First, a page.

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UBC Theses and Dissertations

Photonic architectures for ultrafast all-optical switching and retro-modulation Born, Brandon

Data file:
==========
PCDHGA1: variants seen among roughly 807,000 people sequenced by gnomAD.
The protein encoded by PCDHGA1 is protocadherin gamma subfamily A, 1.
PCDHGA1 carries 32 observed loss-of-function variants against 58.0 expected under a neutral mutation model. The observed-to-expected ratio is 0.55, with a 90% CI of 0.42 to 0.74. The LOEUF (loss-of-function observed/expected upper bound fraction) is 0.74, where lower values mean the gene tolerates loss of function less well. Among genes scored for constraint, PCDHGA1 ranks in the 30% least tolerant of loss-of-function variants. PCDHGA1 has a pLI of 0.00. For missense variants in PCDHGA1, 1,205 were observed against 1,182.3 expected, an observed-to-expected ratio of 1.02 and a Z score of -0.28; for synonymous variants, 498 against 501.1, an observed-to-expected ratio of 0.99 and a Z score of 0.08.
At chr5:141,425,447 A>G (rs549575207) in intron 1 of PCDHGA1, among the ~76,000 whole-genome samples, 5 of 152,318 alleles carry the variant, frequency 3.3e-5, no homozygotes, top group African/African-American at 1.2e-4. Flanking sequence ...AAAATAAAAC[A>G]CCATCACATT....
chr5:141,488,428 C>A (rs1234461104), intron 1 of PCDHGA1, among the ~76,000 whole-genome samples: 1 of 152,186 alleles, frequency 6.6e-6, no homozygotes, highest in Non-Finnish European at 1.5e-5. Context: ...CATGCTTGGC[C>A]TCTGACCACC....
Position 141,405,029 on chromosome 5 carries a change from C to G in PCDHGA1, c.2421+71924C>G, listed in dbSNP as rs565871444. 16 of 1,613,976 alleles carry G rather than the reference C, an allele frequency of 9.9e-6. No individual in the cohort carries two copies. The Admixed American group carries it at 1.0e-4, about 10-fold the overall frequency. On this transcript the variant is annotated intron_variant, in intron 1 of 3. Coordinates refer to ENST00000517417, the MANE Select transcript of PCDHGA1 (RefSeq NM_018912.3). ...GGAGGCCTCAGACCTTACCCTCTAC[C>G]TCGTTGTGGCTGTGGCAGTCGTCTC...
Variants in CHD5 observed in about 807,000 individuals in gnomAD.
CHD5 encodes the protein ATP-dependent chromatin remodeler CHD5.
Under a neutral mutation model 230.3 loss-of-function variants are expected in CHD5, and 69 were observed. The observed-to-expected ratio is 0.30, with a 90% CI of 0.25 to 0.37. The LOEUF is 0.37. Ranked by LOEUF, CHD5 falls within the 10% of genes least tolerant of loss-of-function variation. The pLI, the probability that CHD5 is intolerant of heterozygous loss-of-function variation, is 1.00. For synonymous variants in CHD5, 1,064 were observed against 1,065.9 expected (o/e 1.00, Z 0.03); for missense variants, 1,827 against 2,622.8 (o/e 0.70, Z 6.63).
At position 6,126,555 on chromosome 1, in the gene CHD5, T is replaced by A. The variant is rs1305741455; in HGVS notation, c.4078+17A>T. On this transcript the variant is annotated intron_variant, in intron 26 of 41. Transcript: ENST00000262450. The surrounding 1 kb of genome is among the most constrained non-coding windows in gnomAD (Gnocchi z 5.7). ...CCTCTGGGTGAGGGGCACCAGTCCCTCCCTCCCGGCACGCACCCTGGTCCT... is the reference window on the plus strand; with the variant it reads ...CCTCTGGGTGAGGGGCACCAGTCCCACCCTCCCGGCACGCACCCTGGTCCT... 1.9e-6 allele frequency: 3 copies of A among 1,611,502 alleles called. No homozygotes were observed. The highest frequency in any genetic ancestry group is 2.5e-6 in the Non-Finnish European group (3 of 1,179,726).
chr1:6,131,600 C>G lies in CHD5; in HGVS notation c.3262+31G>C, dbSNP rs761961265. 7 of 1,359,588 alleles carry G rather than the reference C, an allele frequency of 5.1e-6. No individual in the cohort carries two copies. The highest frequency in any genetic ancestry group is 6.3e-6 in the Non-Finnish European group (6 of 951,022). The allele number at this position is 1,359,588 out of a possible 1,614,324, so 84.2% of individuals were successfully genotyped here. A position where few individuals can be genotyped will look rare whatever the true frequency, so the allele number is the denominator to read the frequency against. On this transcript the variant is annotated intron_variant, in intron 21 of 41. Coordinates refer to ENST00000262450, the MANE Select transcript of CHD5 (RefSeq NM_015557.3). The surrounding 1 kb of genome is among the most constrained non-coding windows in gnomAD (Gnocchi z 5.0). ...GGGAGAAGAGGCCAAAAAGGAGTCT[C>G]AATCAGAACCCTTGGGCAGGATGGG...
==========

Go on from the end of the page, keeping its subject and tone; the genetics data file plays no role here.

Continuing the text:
Optical communications is the backbone of the modern internet. However, the true potential of the deployed optical networks has not been reached due to a reliance on far slower electronic processing. The ultimate objective is a fully all-optical network, to circumvent electronic bottlenecks and allow for network transparency, but there are challenges to the realization of all-optical implementations in current fibre optic and emerging free-space optical (FSO) communication networks. This thesis introduces two photonic architectures to address these challenges. First, an all-optical switch (AOS) architecture is developed for implementation in fibre optic front-end systems, where all-optical switching is the fundamental building block of all-optical processing. The AOS architecture applies a nanophotonic superlens, in the form of a dielectric sphere, to form an intense non-evanescent near-subwavelength focus called a photonic nanojet. The photonic nanojet forms at the back surface of the sphere in a coating of semiconductor nanoparticles. The AOS architecture is refined using Drude theory to study the free-carrier dynamics within the semiconductor nanoparticles, as well as Mie theory and ray theory to optimize the photonic nanojet’s intensity. Experiments are conducted with both milli- and micro-scale spheres coated by Si, SiC, CdTe, InP, and CuO nanoparticles. The realized AOS architecture meets the ultimate goals of femtojoule switching energies and femtosecond switching times. Second, an all-optical retro-modulation (AORM) architecture is developed for implementation in FSO communication systems, for which there is keen interest to establish high-bandwidth aerial-ground links. All-optical retro-modulation, a novel method for passive FSO aerial-ground communication, is proposed for future laser-based links with satellites, unmanned aerial vehicles, and high-altitude platforms. The AORM architecture is implemented with high-refractive-index S-LAH79 hemispheres to realize effective retroreflection and an interior semiconductor thin film of CuO nanocrystals to realize ultrafast all-optical modulation. A detailed investigation is carried out on the bandstructure and ultrafast free-carrier dynamics of the CuO nanocrystals. The AORM architecture is fabricated and shown to meet the ultimate goal of multidirectional FSO communication at terabit-per-second data rates. Overall, the introduced AOS and AORM photonic architectures can lay the foundation for future all-optical networks.

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